|DATE:||(Date of pronouncement)|
|DATE:||January 15, 2013 (Date of publication)|
|Click here to download the judgement (AR_Enterprises_158B_undisclosed_income.pdf)|
S. 158B: Despite TDS & Advance-tax, income is “undisclosed” if ROI not filed by due date
A search u/s 132 was conducted on 23.2.1996 when it was detected that though the assessee had taxable income for AY 1995-96 it had not filed a ROI and the due date (31.10.1995) had lapsed. The AO issued a s. 158BD notice directing the assessee to file a return for the block period. The assessee claimed that as it had paid advance tax on the income for AY 1995-96, the income could not be said to be “undisclosed“. The AO rejected the claim though the Tribunal and High Court accepted the assessee’s claim on the basis that payment of Advance Tax itself necessarily implies disclosure of the income on which the advance is paid. On appeal by the department to the Supreme Court, HELD reversing the Tribunal and High Court:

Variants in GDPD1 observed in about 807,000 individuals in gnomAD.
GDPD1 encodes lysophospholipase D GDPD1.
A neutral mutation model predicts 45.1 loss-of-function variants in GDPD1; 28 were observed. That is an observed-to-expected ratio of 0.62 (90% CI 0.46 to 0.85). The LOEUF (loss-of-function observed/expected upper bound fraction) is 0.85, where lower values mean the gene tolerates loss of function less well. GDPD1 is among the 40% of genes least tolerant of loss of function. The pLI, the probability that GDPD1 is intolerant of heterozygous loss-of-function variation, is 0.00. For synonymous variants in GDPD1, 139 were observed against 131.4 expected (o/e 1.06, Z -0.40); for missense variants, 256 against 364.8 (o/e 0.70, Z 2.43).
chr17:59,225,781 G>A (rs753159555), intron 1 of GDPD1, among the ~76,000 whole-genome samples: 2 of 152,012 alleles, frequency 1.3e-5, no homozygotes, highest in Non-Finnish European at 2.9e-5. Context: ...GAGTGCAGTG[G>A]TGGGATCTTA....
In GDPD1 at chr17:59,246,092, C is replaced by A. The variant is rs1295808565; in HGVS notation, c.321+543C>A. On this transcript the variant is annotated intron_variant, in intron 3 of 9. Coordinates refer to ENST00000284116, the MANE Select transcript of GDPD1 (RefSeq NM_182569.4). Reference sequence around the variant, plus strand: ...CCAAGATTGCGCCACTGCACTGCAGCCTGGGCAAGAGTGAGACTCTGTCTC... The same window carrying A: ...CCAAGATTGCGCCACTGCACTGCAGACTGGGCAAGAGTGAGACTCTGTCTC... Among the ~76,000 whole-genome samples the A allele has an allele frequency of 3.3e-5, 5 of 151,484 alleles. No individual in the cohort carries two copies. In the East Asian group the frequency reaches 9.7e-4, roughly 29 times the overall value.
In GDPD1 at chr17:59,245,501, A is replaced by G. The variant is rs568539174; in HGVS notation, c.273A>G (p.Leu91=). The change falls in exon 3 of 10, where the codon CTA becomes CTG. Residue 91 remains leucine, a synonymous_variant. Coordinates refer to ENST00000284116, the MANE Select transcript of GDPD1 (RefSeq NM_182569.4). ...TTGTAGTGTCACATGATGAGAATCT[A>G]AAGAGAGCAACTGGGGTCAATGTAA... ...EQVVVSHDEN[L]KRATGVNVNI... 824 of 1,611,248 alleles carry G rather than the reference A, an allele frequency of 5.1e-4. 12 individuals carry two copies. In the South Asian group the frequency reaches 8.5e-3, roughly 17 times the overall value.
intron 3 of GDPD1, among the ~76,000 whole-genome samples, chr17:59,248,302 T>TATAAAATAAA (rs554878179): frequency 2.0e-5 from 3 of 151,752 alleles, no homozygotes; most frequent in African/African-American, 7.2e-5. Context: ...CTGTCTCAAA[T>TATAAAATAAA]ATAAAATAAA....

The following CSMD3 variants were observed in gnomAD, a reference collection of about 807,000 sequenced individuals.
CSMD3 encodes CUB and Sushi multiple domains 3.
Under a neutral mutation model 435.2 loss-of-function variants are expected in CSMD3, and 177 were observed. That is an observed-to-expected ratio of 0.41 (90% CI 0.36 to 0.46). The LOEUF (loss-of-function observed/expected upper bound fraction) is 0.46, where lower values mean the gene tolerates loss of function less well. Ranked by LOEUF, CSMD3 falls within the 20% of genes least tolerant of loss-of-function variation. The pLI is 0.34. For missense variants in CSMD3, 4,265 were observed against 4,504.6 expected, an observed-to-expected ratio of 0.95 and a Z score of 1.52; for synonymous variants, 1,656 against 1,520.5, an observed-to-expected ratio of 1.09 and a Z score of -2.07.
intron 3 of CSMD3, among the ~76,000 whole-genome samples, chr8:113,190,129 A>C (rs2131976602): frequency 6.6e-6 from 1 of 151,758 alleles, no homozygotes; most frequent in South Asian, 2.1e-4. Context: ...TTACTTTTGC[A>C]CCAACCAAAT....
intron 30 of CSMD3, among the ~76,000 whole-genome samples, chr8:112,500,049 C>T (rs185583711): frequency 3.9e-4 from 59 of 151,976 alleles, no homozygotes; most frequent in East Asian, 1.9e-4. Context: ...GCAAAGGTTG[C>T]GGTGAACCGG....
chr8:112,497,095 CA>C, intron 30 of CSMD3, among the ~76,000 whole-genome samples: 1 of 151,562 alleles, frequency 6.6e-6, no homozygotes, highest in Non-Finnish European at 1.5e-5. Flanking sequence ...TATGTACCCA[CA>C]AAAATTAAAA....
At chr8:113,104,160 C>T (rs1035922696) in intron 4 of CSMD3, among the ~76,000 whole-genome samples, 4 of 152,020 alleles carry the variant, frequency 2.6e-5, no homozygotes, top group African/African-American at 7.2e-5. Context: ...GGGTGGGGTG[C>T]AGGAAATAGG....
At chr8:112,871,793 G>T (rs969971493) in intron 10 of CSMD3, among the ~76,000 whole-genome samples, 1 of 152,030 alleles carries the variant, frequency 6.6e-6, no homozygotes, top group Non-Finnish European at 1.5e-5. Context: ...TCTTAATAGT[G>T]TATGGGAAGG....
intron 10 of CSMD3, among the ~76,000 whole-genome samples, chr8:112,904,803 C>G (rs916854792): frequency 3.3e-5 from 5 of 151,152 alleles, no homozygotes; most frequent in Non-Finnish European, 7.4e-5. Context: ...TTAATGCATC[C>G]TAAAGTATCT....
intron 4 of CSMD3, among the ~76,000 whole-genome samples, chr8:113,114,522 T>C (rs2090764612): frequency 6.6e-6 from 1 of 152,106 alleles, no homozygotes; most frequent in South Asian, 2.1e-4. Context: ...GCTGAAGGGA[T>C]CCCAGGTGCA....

S. 158B(b) defines the expression “undisclosed income” to mean that income “which has not been or would not have been disclosed for the purposes of this Act”. The only way of disclosing income on the part of an assessee is through filing of a return and therefore an “undisclosed income” signifies income not stated in the return filed. It cannot be said that payment of Advance Tax by an assessee per se is tantamount to disclosure of total income. There can be no generic rule as to the significance of payment of Advance Tax in construing intention of disclosure of income. This depends on the time at which the search is conducted in relation to the due date for filing return. If the search is conducted after the expiry of the due date for filing return, payment of Advance Tax is irrelevant in construing the intention of the assessee to disclose income because it is a case where income has clearly not been disclosed. The possibility of the intention to disclose does not arise since the opportunity of disclosure has lapsed. If search is conducted prior to the due date for filing return, the opportunity to disclose income by filing a return still persists. In such a case, payment of Advance Tax may be a material fact for construing whether an assessee intended to disclose. An assessee is entitled to make the legitimate claim that even though the search or the documents recovered show income earned by him, he has paid Advance Tax for the relevant assessment year and has an opportunity to declare the total income, in the return of income, which he would file by the due date. Hence, the fulcrum of such a decision is the due date for filing of return of income vis-à-vis date of search. Also, because Advance Tax is based on estimated income, it cannot result in the disclosure of the total income assessable and chargeable to tax. The proposition that payment of Advance Tax is tantamount to disclosure of income would be contrary to the very purpose of filing of return. On facts, as the assessee had not filed the ROI by the date of search and the due date had lapsed, the income found was “undisclosed” even though advance-tax thereon had been paid. Similarly, as TDS is also computed on the estimated income of an assessee for the relevant FY, it does not amount to disclosure of income, nor does it indicate the intention to disclose income if the ROI is not filed.